Friendly Fire: Sanctions Against an Ally

The United States government is contemplating furthering economic sanctions against Turkey over the capture of and refusal to release an American pastor, Andrew Brunson. What? Turkey? Is Turkey not a member of NATO? Oh yeah, but the United States runs the outdated alliance and determines what is and is not acceptable within it. Now the United States is taking punitive measures that will inevitably contribute towards the deterioration of Turkey’s economy and relations between the two countries.

How dare Turkey defy us? Do they know who we are? We have to get our way. If Turkey does not like this, it is too bad. Try making this sort of demand in any one of your friendships and see how well it goes over. Before making irrational moves over anger associated with Brunson’s imprisonment, perhaps we should wait to see what President Erdogan’s next move will be. Maybe he is just waiting for Thanksgiving to release Brunson so we can celebrate with two turkeys. Two is better than one after all.

Erdogan has suggested moving his country in a different direction in the international arena, perhaps towards Russia, and although this may be largely rhetoric, the fact remains that Turkey is now willing to stand up against U.S. demands. To us Americans viewing the world through the mainstream media, Turkey’s actions may seem defiant and harsh, but consider that Turkey is willing to hand Brunson over in exchange for Fethullah Gulen, a man who is suspected by the Turkish government as having played a large part in the 2016 coup attempt on Erdogan’s government, or the forgiveness of billions of dollars in fines imposed on Halkbank for its role in aiding Iran to get around U.S. sanctions imposed on that country. In addition to sanctions that were put on a few Turkish officials, the Trump administration has also doubled the steel and aluminum tariffs on Turkey, which will only contribute further to that country’s rapidly declining economy and currency.

Imposing sanctions against other countries is an act of economic war and bullying, and this is especially troubling being that Turkey is an ally of the United States. This could cause other U.S. allies to become wary of remaining in an alliance with a country that does not honor its deals. Just look at the Iran nuclear deal. Either way, making demands against a country is not a good diplomatic move, and as I have discussed previously, sanctions are usually detrimental to the people who are devastated by the lack of resources or income sources. The government that is being targeted often does not comply or change course, and sanctions often just strengthen hardliners and increase opposition to the United States.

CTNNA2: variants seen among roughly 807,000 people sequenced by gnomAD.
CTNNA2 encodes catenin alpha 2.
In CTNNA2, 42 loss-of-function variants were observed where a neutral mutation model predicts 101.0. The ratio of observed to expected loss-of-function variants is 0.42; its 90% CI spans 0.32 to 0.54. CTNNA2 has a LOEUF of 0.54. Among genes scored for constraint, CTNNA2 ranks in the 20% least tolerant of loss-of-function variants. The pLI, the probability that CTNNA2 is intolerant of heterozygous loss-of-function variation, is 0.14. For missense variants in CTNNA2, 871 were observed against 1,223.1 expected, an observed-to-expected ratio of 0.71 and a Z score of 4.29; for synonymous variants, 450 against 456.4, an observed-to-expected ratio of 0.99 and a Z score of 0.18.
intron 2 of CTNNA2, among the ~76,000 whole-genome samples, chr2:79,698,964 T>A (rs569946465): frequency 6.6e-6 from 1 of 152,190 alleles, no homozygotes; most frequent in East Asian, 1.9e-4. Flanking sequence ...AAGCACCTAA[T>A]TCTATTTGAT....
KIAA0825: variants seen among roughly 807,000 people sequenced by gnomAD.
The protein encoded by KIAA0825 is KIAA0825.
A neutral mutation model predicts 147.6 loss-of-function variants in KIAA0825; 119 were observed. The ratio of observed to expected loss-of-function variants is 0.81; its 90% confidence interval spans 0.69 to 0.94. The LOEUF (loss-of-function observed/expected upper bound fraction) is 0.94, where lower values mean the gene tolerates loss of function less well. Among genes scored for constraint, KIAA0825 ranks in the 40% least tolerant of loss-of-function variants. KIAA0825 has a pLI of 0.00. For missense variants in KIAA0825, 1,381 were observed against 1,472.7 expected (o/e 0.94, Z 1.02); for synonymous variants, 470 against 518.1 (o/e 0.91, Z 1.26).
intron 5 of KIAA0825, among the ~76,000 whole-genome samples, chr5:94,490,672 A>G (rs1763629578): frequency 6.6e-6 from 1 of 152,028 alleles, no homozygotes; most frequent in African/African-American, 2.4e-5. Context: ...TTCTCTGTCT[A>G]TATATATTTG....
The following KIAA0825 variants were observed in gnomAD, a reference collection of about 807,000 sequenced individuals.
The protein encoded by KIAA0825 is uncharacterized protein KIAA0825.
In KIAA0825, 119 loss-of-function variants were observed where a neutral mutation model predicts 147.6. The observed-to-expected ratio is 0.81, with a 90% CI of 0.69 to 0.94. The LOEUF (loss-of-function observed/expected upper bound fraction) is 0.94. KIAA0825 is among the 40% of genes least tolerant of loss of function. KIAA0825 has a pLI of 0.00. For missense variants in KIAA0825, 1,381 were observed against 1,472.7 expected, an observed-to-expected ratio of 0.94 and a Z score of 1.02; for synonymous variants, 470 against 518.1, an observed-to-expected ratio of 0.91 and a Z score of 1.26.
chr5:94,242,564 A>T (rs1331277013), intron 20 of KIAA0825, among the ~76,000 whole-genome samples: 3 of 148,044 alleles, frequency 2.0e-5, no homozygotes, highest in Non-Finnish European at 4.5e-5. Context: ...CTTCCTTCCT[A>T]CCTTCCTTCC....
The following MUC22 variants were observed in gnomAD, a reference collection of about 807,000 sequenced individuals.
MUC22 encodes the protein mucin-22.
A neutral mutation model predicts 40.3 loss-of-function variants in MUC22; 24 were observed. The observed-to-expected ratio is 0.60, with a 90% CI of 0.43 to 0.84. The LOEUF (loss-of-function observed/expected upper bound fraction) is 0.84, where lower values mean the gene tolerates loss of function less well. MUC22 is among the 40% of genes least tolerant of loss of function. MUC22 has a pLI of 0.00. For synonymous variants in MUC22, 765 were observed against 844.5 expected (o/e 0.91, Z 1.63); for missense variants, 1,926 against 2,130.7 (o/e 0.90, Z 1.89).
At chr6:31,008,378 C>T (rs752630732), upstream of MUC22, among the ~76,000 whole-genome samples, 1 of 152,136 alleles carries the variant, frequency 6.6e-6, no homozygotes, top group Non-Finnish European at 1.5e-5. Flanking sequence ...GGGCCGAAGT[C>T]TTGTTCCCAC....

Ultimately, NATO’s existence will not likely be threatened by the deteriorating relations between the United States and Turkey. The American installations in that country are considered too vital to let Turkey leave the alliance, but this does give Turkey an opportunity to address its grievances with U.S. foreign policy.

It is likely that eventually the United States will get its way and Turkey will cave in, but consider the logic of the situation. The American government is willing to bully Turkey in order to force it to hand over Brunson, but yet, Turkey has a record of human rights violations. Why is it that this is hardly ever mentioned? Does it make sense to contribute towards the destruction of the Turkish economy over the imprisonment of one man? Yet, this type of action is not taken when Turkey commits atrocities against its own people. As I have argued previously, the United States does not care much about human rights violations when it occurs in countries that are allied with it, but it has a fit when those violations are committed by noncompliant countries. Something does not add up here. Perhaps the agenda is covert regime change, or perhaps President Trump really does just want to get Brunson back, or at least act like he is trying in order to avoid criticism. Maybe we really do value the livelihood of one American citizen over that of thousands or millions of the Turkish people. Either way, sanctions are an aggressive tactic that will lead to increased retaliatory actions by both NATO nations until something is worked out.

Thank you for reading, and if you would like to learn more about my work, please check out my book, The Global Bully, or my website.
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Published on August 23, 2018 03:11
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